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### PC-GPIO: API for manipulating microcontroller IO from your computer
The PC-GPIO API is a multi-platform API for interfacing with microcontroller IO from a
host computer running Windows, OSX, Linux, or *BSD. The host computer talks to the
The PC-GPIO API is a multi-platform API for interfacing with microcontroller IO from a
host computer running Windows, OSX, Linux, or BSD. The host computer talks to the
microcontroller over TTL serial at 115.2kbaud.
Currently, the API allows the user to:
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- Lightweight: default PC-GPIO microcontroller firmware generally uses very little of the
slave microcontroller's resources. Customized firmware is easy to make, and can utilize
a sizable amount of the microcontroller's resources without interfering with PC-GPIO.
- Cross-compatible: PC-GPIO requires no heap-allocated memory, and communicates over
- Cross-compatible: PC-GPIO requires no heap-allocated memory, and communicates over
standard TTL serial, meaning it is compatible with virtually any modern microcontroller.
The host-side PC-GPIO API has absolutely no external dependencies except for the
The host-side PC-GPIO API has absolutely no external dependencies except for the
low-level libraries provided by the user's operating system.
- Industrial-Strength: error and safety checks abound in the PC-GPIO API, with virtually
all functions returning some form of status message. Checksums on every message mean
that errors are found before they can have unwanted effects on IO. Because of the lack
of heap usage, risk of memory fragmentation is eliminated, which is helpful in
of heap usage, risk of memory fragmentation is eliminated, which is helpful in
environments where indefinite uptime is essential.
- Asynchronous: Send methods to the microcontroller, get callbacks from the microcontroller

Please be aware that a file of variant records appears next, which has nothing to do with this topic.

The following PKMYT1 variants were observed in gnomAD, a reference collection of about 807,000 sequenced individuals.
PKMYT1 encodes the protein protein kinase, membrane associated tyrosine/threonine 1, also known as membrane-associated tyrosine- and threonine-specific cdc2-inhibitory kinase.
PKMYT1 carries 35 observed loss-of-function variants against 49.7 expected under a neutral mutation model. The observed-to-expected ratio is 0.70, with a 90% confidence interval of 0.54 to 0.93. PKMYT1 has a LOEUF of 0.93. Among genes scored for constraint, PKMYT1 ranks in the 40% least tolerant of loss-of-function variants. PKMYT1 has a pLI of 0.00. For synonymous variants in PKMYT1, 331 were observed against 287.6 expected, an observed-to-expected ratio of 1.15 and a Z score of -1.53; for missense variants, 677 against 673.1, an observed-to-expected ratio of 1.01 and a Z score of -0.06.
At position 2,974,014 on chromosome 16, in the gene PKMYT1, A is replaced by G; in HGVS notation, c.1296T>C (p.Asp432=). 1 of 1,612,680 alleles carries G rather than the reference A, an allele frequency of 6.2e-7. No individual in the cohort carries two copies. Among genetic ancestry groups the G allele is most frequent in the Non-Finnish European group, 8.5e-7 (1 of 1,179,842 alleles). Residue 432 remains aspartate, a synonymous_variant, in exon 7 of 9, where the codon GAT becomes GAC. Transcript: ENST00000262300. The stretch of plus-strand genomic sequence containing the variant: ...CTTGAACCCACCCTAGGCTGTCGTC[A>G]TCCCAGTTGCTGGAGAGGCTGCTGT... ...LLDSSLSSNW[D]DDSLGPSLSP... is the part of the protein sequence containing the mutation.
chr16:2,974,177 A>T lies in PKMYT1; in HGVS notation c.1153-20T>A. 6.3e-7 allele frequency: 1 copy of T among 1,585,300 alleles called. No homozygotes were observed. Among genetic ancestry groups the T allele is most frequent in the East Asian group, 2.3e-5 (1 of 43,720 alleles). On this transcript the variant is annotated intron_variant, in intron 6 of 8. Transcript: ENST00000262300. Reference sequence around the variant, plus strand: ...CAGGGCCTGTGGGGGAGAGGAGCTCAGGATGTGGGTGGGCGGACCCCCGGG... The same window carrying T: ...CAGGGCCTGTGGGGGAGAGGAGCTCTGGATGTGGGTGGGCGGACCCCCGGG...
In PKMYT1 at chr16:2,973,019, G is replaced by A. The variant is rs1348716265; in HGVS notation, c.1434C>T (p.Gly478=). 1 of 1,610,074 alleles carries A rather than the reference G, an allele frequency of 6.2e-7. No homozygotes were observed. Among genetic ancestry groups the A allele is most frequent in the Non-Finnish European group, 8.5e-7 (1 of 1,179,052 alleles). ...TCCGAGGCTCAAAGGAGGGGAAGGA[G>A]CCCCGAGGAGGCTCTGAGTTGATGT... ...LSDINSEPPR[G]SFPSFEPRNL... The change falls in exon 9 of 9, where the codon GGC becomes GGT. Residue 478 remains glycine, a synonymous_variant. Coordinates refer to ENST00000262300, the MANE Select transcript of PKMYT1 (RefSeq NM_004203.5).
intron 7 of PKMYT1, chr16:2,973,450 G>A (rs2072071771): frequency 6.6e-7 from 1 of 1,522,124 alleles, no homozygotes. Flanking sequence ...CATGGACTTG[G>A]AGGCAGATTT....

in a user-defined handler function.
### Supported Operating Systems
- Currently Supported:
- The UNIXes, including Linux, OSX, and *BSD
- The UNIXes, including Linux, OSX, and the BSD's
- Planned:
- Windows (framework is already there, just need to write the platform-specific code)
### Natively Supported Microcontrollers
Literally any microcontroller with a UART peripheral that can run at 115200 baud can be
used with PC-GPIO with just a few dozen lines of code. However, implementations already
used with PC-GPIO with just a few dozen lines of code. However, implementations already
exist for the microcontrollers listed below:
- Arduino
- DUE: in progress. Supported natively in the Arduino IDE. Will also be supported
without Arduino library dependencies via direct support for the SAM3X8E.
- UNO: planned.
- Atmel
- SAM3X4E, SAM3X8E: planned.
- Microchip (PIC)
- PIC24FJ16GA002, PIC24FJ32GA002, PIC24FJ48GA002, PIC24FJ64GA002: planned.
- PIC24FJ16GA004, PIC24FJ32GA004, PIC24FJ48GA004, PIC24FJ64GA004: planned.
- Infineon
- XMC1404: planned.
- DUE: fully supported. Supported natively using firmware that will be uploaded
sometime in the coming weeks, and will be updated as additions to the API are made.
For the time being, support for PIC microcontrollers is on the back burner.
Microchip's hot garbage MPLAB X IDE's automatic makefile generation is insufficient for
PC-GPIO's multi-platform library architecture, and it does not allow the user to directly
manipulate the makefiles in the project without the changes being overwritten.
### Using the Library
Adding PC-GPIO to a CMake project:
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3. In this directory, extract the PC-GPIO source into a folder called "PC-GPIO"
So there will be 2 things in the project folder, the .ino file and a folder
called PC-GPIO.
4. Import PC-GPIO into your arduino project by adding `#include "PC-GPIO/pcgpio_global.h"
4. Import PC-GPIO into your arduino project by adding `#include "PC-GPIO/pcgpio_global.h"`
To the top of your arduino code.
### License
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